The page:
The third question that I want to raise is that of the broader political relations between us and Russia. Critical engagement, which I understand is the phrase that the Government are inclined to use, particularly about Chechnya, is not enough when we look at our relations with Russia as a whole. We should be bolder than aspiring simply to that, because Russia is no longer a belligerent and stubborn enemy. We should achieve better results in understanding its concerns, especially the concern that is quite clear from recent Russian official documents, since President Putin has been in office—the concern not to be sidelined.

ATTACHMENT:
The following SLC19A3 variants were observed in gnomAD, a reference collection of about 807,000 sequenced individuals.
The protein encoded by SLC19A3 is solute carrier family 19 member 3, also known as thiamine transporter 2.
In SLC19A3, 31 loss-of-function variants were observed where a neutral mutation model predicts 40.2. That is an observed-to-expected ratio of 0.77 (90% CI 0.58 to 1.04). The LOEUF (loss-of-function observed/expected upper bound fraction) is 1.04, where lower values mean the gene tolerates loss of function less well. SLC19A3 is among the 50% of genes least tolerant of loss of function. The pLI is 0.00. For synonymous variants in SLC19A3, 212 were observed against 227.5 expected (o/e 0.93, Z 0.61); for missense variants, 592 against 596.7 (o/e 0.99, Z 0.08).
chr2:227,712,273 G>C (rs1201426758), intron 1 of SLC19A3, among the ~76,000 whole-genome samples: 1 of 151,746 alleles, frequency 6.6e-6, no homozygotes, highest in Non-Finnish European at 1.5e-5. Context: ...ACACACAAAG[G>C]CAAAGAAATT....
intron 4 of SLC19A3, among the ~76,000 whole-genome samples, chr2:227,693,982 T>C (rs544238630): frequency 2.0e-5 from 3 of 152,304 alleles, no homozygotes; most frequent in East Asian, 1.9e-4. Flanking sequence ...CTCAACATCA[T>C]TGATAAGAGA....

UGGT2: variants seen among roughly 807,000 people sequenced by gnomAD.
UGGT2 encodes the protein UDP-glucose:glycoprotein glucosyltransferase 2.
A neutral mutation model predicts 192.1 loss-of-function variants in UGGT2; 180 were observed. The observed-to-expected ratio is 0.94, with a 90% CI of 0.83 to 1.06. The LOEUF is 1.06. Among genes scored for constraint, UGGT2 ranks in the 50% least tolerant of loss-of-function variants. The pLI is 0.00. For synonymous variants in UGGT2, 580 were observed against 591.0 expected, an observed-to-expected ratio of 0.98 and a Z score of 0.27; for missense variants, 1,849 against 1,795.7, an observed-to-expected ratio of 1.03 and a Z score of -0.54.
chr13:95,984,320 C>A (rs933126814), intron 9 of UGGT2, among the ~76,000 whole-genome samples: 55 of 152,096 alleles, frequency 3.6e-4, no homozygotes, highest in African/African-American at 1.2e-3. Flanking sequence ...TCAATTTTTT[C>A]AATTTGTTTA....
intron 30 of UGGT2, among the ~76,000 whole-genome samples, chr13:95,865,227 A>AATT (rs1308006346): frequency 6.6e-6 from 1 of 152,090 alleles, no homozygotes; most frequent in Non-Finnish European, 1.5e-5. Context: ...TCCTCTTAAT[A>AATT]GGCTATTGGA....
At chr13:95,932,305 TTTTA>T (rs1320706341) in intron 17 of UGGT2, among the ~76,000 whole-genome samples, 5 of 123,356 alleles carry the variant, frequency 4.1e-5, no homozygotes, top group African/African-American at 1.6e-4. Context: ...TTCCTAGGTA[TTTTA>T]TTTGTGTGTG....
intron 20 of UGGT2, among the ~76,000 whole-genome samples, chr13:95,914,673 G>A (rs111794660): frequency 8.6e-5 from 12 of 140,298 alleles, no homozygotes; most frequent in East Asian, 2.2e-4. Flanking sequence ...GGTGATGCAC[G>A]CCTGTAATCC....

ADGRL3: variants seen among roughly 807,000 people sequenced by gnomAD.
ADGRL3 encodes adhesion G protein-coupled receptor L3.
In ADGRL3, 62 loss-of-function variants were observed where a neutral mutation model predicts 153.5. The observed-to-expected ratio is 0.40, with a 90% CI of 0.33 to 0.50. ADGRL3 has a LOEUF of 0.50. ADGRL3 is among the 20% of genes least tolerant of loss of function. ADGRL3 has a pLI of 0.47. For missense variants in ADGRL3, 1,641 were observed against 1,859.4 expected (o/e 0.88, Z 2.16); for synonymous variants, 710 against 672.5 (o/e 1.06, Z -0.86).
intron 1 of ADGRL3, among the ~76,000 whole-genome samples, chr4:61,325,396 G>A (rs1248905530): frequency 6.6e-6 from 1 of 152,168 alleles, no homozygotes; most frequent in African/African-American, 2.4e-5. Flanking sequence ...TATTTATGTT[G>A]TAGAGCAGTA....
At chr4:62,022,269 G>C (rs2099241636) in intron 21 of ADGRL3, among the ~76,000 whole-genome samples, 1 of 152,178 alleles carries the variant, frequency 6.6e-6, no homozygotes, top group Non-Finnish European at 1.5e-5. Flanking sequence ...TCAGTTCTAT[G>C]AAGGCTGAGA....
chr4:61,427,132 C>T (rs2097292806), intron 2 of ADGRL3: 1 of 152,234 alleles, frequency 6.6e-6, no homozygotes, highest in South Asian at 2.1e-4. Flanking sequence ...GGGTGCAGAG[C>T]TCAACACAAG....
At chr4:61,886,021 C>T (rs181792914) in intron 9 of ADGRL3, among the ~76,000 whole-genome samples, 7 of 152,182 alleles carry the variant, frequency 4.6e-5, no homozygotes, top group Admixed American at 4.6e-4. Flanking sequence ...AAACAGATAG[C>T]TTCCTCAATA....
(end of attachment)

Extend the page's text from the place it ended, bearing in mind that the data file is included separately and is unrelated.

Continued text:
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The best example of a mistake made by the West in that context occurred in Kosovo, when NATO provided no role for Russia in peace-keeping planned to take place after the ceasefire, despite the fact that the ceasefire was secured by Mr. Chernomyrdin, the former Russian Prime Minister, working with President Ahtisaari of Finland. That led, we will all remember, to the dramatic seizure by the Russian forces of Pristina airport. The Russian proposal was to overfly Eastern Europe with several thousand troops coming into Kosovo, which was thwarted only by the courageous refusal of, I think, three East European countries to allow them to overfly.